Great news! Dr. Theodore Rockwell, a pioneer in nuclear energy development and expert in the health effects of radiation, has joined SEPP as a cooperating scientist. His publications and other activities will add considerable strength to our efforts to ensure that sound science is used to set environmental policies. Along with Dr. Malcolm Ross, Dr. Thomas Sheahen, and other SEPP scientists, Ted will be available to speak on and answer questions about such diverse topics as the design of advanced atomic reactors, nuclear bombs and nuclear disarmament, the safe disposal of spent nuclear fuel and weapons-grade plutonium, and the real and imagined health hazards of radon. SEPP Advisory Board member Dr. Chauncey Starr, (founding) director emeritus of the Electric Power Research Institute, will as always provide guidance on difficult scientific and political issues, drawing on his long experience in the nuclear field.
What better way then to start this edition of TWTW than to revisit the radon scare. The EPA has long been frustrated because the public just can't get alarmed about exposure to indoor radon in homes and hasn't been willing to spend the billions of dollars required to monitor and mitigate radon. But now the EPA appears to have found some prestigious-sounding scientific backing that radon, a naturally occurring radioactive gas pervading the atmosphere, will kill you if you smoke in your own home. Wow! Looks like the EPA can kill two birds with one stone. But the science just isn't there: smoking can give you lung cancer, for sure, but low levels of radon don't.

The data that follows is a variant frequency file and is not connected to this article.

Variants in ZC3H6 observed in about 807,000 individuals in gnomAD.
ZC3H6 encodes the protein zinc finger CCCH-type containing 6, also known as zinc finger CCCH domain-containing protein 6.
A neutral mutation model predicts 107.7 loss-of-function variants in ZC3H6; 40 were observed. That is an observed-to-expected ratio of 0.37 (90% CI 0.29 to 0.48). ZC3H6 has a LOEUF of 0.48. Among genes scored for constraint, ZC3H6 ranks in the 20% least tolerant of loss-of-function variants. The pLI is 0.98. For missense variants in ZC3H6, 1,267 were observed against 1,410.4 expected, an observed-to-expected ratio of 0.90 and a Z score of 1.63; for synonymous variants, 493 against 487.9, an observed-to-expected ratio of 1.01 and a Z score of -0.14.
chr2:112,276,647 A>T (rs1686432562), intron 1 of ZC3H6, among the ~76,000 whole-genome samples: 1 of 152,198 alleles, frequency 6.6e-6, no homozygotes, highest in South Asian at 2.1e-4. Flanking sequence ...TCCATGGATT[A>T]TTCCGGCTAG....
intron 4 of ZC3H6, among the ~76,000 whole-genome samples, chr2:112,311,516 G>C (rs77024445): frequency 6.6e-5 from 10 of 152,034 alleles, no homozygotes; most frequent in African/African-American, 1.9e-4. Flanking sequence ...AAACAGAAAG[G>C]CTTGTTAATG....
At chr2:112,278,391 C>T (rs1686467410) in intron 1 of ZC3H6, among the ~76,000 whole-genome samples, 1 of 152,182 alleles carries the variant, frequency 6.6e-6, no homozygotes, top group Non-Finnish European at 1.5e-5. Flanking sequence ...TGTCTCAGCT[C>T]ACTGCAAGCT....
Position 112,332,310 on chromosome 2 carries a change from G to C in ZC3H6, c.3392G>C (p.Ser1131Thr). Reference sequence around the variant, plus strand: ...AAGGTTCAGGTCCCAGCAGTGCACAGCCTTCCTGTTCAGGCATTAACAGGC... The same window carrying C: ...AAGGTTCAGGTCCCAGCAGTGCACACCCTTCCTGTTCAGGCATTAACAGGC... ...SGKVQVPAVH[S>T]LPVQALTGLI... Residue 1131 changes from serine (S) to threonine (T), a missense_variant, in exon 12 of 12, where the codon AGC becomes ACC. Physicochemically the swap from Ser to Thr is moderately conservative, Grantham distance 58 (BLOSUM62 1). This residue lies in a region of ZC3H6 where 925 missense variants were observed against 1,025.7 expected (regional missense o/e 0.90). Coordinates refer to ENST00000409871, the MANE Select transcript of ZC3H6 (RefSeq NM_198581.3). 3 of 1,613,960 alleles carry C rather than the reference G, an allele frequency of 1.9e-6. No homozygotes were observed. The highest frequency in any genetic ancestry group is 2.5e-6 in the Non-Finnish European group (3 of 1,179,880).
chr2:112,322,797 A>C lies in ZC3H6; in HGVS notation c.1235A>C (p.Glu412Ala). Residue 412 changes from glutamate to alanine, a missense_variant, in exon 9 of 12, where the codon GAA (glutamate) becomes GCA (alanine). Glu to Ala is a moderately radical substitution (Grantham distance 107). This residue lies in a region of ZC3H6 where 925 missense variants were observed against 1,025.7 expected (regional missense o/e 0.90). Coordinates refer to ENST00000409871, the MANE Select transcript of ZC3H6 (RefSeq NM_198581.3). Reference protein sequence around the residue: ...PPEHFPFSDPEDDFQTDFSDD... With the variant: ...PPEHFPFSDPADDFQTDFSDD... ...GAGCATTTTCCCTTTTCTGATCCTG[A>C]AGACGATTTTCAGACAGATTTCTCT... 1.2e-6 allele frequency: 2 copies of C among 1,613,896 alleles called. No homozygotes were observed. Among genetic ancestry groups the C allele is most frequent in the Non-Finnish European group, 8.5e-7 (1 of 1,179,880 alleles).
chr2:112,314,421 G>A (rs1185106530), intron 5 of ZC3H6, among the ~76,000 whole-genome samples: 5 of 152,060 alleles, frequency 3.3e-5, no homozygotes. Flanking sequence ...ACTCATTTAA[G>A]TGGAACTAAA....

Not in the least discouraged, the National Research Council (NRC), the research arm of the National Academy of Sciences, organized a press briefing on Feb. 19, 1998, announcing its "new" study on the health effects of radon -- without releasing the report itself (for scrutiny by independent scientists.) The New York Times headlines proclaimed "Research ties radon to as many as 21,800 deaths each year," and it was downhill from then on. But as duly chronicled in the story, the NRC had presented the same results in its 1988 and 1991 reports. Nothing new here; just more noise.
The frightening NRC numbers are based on nothing more than a purely mathematical extrapolation from high-level radon exposures experienced by uranium miners to the extremely low levels found in households. To use an analogy, if drinking a gallon of alcohol will kill you, then, according to the NRC, so will the same amount distributed over a whole year, roughly one drink per week. Or put another way: if the gallon is divided among 52 people, one of them will surely die. NRC's mathematical extrapolation simply assumes that a safe threshold (below which no harm is done) doesn't exist -- an assumption that has been thoroughly discredited, not only for radiation exposures but also for toxic chemicals.
Not so long ago, radioactivity was quite the craze. European mineral waters boasted of their radioactive content; health spas bragged about their radioactive waters containing dissolved radon. Hungary still advertises a spa on Lake Heviz with a certified level a million times (!) the EPA "safe" level of 300 picocuries of radioactivity per liter of water. Bathing in Lake Heviz is said to cure most medical problems, with notable exceptions like malignant tumors and alcoholism. Whatever one may think of these fantastic claims, however, there is now a sizeable body of scientific opinion that exposure to low levels, below a certain threshold, is not harmful, and can indeed produce positive health benefits.